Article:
If we gazed upon our doom with clear vision, we might come to the conclusion that a better strategy would be to prepare and adapt. But politicians, instead, invite Greta Thunberg to tea, who for all her urgency, still holds out the promise offered by all truly effective apocalyptic prophets: that it is not too late to repent, to change our ways, and be saved.
And what about all those prime ministerial or presidential candidates who insist on running even when they have no name recognition, and nobody cares, and it is obvious, even to their mothers, that their campaigns are doomed? They are not all angling for jobs in some future administration; that would be to attribute too much foresight and clarity of vision to our political class. No, some wait in blind hope that they will pull a Trump, that their campaigns will catch fire, and that they might yet overcome the odds, amaze everyone, win power and save us.
And that brings me to Brexit, where Aeschylus has been especially helpful when it comes to piercing through the surface shenanigans of our political class to perceive what is actually going on. Consider, for instance, the bizarre behaviour of the obviously doomed Theresa May, the likes of which has never been seen in our lifetimes. Having, in her brilliance, contrived a path to Brexit by which means everybody could feel they had lost, her persistence in the face of overwhelming rejection was often put down to a sense of duty, or epic levels of stubbornness.
I don’t deny that both of these traits played a part, but fueling them was a hope, entirely blind, that one last plea to the people, or plea to her “friends and partners” in the EU, or appeal to her party, or appeal to the other party, or appeal to the attorney general to change his advice, or reworking of the verbiage in the nonbinding bit, would somehow redeem her premiership and get the withdrawal bill over the line, when no such thing was possible. This is why, I think, despite her cosmic failure, she remained a strangely sympathetic figure: there was something so profoundly, tragically human in this desperate clinging to blind hope. There but for the grace of God, etc.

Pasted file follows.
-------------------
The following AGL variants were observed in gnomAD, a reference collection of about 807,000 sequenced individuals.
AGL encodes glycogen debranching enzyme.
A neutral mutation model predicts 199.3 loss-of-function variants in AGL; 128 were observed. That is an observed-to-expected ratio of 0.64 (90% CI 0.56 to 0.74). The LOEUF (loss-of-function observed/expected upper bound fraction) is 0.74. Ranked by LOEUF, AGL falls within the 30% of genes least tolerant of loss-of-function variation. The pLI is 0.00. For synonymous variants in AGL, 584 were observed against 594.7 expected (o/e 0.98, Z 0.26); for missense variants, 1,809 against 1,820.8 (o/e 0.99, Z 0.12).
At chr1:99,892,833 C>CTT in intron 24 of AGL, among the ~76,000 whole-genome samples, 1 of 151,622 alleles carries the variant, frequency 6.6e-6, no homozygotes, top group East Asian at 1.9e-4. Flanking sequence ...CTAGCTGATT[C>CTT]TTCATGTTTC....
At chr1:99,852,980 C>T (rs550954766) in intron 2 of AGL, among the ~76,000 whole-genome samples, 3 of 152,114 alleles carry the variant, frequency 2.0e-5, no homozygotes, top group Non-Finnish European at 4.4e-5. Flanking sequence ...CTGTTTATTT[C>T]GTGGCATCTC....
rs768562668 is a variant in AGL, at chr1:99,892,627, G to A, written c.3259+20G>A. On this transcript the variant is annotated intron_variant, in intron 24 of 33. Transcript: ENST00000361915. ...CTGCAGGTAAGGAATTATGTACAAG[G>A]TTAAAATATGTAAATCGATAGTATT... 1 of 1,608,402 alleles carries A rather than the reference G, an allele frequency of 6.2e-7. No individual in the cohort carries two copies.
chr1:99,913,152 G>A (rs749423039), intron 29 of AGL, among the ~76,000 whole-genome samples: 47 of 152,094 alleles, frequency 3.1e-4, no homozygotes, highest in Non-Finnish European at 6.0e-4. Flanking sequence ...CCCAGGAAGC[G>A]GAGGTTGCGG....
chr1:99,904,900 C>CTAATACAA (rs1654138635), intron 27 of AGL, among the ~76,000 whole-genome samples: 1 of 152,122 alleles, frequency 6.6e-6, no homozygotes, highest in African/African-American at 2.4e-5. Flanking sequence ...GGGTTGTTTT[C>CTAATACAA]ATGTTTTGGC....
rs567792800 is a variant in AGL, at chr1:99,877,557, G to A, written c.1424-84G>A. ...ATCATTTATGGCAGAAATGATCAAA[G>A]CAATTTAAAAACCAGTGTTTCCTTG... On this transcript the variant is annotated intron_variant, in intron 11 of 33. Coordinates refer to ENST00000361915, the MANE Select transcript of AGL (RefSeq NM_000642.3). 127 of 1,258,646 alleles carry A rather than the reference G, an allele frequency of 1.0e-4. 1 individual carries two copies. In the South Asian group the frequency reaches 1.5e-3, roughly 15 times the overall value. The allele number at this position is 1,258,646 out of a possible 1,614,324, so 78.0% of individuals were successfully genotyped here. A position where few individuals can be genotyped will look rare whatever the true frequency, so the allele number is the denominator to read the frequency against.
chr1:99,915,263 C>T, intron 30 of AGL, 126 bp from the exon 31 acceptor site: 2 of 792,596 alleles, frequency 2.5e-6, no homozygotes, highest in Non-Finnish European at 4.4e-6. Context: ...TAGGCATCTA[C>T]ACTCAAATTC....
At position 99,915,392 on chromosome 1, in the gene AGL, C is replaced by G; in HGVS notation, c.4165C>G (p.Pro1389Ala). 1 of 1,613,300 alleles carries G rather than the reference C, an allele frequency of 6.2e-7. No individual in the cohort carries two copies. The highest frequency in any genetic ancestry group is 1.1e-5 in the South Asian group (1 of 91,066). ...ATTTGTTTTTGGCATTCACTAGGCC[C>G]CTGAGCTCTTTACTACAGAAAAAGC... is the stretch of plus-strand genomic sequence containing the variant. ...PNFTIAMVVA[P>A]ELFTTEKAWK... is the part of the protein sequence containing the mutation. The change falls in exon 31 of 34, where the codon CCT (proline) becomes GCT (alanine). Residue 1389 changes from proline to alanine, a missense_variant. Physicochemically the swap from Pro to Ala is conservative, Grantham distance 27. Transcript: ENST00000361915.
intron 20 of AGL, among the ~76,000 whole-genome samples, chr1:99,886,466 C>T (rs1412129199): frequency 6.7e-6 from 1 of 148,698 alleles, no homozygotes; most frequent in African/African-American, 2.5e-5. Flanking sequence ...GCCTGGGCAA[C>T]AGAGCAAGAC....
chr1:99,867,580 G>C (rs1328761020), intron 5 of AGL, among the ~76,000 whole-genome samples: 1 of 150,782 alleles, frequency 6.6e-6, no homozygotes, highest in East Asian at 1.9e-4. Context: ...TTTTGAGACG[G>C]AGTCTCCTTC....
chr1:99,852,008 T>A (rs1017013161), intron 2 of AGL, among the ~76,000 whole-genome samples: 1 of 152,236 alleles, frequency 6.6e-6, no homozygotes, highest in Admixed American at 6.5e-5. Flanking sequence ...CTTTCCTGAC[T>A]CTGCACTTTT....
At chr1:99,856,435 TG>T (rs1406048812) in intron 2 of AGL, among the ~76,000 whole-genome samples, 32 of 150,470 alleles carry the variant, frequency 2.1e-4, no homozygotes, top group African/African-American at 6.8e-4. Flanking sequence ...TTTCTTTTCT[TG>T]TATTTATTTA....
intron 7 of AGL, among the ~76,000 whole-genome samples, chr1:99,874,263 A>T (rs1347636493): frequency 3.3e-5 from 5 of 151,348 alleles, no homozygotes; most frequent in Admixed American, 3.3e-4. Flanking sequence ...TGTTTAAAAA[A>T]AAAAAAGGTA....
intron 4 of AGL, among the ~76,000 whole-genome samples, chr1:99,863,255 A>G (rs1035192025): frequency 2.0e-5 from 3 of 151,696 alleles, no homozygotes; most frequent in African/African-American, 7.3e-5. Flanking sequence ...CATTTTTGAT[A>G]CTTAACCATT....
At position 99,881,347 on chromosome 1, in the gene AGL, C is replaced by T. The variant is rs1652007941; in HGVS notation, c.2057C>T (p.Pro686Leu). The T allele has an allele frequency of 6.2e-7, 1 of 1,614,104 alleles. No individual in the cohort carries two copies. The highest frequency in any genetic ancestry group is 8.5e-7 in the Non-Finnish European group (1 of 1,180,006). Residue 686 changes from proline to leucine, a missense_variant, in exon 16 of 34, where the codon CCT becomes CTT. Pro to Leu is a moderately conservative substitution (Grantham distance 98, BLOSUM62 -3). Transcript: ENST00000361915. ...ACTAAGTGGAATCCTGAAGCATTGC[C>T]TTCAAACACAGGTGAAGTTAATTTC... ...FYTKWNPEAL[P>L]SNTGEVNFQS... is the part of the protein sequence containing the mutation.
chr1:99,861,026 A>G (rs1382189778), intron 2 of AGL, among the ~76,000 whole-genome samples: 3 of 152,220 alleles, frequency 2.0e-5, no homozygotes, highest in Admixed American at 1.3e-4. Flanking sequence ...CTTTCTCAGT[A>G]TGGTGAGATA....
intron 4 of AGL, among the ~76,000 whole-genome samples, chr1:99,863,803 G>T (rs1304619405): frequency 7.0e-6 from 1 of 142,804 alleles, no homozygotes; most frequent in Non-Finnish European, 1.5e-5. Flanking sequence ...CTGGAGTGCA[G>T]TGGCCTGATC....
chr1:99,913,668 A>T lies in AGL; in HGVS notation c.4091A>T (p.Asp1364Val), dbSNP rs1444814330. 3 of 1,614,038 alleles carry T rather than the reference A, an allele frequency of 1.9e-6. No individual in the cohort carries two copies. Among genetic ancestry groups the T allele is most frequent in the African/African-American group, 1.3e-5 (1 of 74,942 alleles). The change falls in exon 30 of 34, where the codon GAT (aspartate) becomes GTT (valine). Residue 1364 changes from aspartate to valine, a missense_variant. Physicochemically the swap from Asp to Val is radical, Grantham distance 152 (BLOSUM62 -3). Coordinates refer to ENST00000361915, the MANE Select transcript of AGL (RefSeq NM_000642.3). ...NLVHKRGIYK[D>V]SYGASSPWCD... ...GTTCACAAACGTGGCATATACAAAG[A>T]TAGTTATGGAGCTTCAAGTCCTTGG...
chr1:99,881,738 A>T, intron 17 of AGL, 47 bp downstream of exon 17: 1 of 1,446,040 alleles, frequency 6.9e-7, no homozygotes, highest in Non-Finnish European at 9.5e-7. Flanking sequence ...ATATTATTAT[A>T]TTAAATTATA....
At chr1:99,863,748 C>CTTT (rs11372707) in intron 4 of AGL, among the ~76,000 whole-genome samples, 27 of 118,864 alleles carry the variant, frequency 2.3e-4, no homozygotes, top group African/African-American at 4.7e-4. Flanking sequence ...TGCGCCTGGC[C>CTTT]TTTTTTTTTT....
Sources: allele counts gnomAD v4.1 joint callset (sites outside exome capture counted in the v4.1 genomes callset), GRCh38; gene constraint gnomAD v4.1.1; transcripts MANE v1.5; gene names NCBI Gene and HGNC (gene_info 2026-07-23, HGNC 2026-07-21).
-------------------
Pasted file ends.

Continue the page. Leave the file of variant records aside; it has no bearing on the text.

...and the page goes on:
It also explains why hardcore Brexiteers and Remainers alike kept voting it down despite having entirely different goals; it wasn’t just that they thought the deal was a dismal failure (which they undoubtedly did), it was that it wasn’t what they wanted, and both sides persisted in the blind hope that they could still have it all their own way.
And even now, as the government stumbles at the exit, and Labour writhes in confusion and torment, and the Lib Dems imagine their moment has come, and the SNP plots how it can leave the UK and stay in the EU at the same time, and the Guardian peddles Remainer porn, and Farage prepares to split the vote and risk losing the thing he wants most, and everybody remains bitterly divided — still everybody thinks they can have it all their own way.
Could there even be a whiff of Freud’s “narcissism of small differences” to all this? I especially wonder if it doesn’t add a little something extra to the antipathy felt by the SNP in particular for “Tory Brexiteers”. Until recently, they had the monopoly on blind hope, in that they stood for a leap into the dark, which would obviously be followed by disruption and upheaval, but which they represented as a scenario with nothing but upsides.
Now they have rivals to the south, offering a competing version of liberation from the constraints of a different, larger political entity. Certainly the question of Scottish independence has become infinitely messier, in every respect, for both sides: time to dial up the blind hope.
So many; I had not thought blind hope had undone so many. But wait: didn’t Prometheus claim he wanted to help us? I’m starting to understand why Zeus chained him to that rock.